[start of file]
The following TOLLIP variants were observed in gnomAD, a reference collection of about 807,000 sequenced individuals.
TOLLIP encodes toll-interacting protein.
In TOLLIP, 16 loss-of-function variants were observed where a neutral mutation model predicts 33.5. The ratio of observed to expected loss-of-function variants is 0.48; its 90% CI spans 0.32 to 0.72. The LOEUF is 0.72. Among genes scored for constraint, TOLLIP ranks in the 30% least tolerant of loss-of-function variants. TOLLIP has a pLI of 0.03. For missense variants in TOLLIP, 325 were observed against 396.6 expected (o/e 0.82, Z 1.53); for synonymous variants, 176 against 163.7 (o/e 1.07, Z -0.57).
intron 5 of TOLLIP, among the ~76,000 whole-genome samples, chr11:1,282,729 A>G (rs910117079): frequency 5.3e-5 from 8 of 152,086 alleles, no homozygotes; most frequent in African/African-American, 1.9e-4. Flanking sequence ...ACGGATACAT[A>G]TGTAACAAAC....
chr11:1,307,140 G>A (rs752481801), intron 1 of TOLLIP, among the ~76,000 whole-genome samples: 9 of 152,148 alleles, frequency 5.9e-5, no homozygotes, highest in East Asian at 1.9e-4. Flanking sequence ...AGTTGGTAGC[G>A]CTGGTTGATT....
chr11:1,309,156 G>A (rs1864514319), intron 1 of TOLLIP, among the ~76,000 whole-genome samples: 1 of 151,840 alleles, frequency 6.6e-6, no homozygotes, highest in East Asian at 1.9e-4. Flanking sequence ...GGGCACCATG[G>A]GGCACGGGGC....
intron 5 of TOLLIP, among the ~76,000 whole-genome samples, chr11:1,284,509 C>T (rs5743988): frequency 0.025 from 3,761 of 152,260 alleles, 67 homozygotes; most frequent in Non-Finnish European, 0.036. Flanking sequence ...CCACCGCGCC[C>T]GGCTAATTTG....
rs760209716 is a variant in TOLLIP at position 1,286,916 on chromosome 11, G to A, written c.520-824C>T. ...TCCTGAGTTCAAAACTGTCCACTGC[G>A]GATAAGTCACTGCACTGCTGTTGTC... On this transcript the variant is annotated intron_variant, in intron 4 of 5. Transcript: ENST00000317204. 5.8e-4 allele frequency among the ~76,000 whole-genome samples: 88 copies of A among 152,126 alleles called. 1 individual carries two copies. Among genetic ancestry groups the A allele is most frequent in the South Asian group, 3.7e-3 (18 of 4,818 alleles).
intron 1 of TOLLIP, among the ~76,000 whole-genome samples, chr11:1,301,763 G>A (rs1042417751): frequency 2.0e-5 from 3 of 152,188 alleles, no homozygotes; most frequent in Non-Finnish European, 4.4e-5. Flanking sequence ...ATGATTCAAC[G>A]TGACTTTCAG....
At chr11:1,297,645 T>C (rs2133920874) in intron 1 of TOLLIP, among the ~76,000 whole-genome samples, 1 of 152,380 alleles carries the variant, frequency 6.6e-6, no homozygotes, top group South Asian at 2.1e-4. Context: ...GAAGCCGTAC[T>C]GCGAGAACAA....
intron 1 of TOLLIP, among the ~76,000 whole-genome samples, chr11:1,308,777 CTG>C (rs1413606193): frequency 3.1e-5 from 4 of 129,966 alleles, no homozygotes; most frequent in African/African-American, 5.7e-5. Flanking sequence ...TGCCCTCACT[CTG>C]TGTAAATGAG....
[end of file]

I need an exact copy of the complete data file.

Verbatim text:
The following TOLLIP variants were observed in gnomAD, a reference collection of about 807,000 sequenced individuals.
TOLLIP encodes toll-interacting protein.
In TOLLIP, 16 loss-of-function variants were observed where a neutral mutation model predicts 33.5. The ratio of observed to expected loss-of-function variants is 0.48; its 90% CI spans 0.32 to 0.72. The LOEUF is 0.72. Among genes scored for constraint, TOLLIP ranks in the 30% least tolerant of loss-of-function variants. TOLLIP has a pLI of 0.03. For missense variants in TOLLIP, 325 were observed against 396.6 expected (o/e 0.82, Z 1.53); for synonymous variants, 176 against 163.7 (o/e 1.07, Z -0.57).
intron 5 of TOLLIP, among the ~76,000 whole-genome samples, chr11:1,282,729 A>G (rs910117079): frequency 5.3e-5 from 8 of 152,086 alleles, no homozygotes; most frequent in African/African-American, 1.9e-4. Flanking sequence ...ACGGATACAT[A>G]TGTAACAAAC....
chr11:1,307,140 G>A (rs752481801), intron 1 of TOLLIP, among the ~76,000 whole-genome samples: 9 of 152,148 alleles, frequency 5.9e-5, no homozygotes, highest in East Asian at 1.9e-4. Flanking sequence ...AGTTGGTAGC[G>A]CTGGTTGATT....
chr11:1,309,156 G>A (rs1864514319), intron 1 of TOLLIP, among the ~76,000 whole-genome samples: 1 of 151,840 alleles, frequency 6.6e-6, no homozygotes, highest in East Asian at 1.9e-4. Flanking sequence ...GGGCACCATG[G>A]GGCACGGGGC....
intron 5 of TOLLIP, among the ~76,000 whole-genome samples, chr11:1,284,509 C>T (rs5743988): frequency 0.025 from 3,761 of 152,260 alleles, 67 homozygotes; most frequent in Non-Finnish European, 0.036. Flanking sequence ...CCACCGCGCC[C>T]GGCTAATTTG....
rs760209716 is a variant in TOLLIP at position 1,286,916 on chromosome 11, G to A, written c.520-824C>T. ...TCCTGAGTTCAAAACTGTCCACTGC[G>A]GATAAGTCACTGCACTGCTGTTGTC... On this transcript the variant is annotated intron_variant, in intron 4 of 5. Transcript: ENST00000317204. 5.8e-4 allele frequency among the ~76,000 whole-genome samples: 88 copies of A among 152,126 alleles called. 1 individual carries two copies. Among genetic ancestry groups the A allele is most frequent in the South Asian group, 3.7e-3 (18 of 4,818 alleles).
intron 1 of TOLLIP, among the ~76,000 whole-genome samples, chr11:1,301,763 G>A (rs1042417751): frequency 2.0e-5 from 3 of 152,188 alleles, no homozygotes; most frequent in Non-Finnish European, 4.4e-5. Flanking sequence ...ATGATTCAAC[G>A]TGACTTTCAG....
At chr11:1,297,645 T>C (rs2133920874) in intron 1 of TOLLIP, among the ~76,000 whole-genome samples, 1 of 152,380 alleles carries the variant, frequency 6.6e-6, no homozygotes, top group South Asian at 2.1e-4. Context: ...GAAGCCGTAC[T>C]GCGAGAACAA....
intron 1 of TOLLIP, among the ~76,000 whole-genome samples, chr11:1,308,777 CTG>C (rs1413606193): frequency 3.1e-5 from 4 of 129,966 alleles, no homozygotes; most frequent in African/African-American, 5.7e-5. Flanking sequence ...TGCCCTCACT[CTG>C]TGTAAATGAG....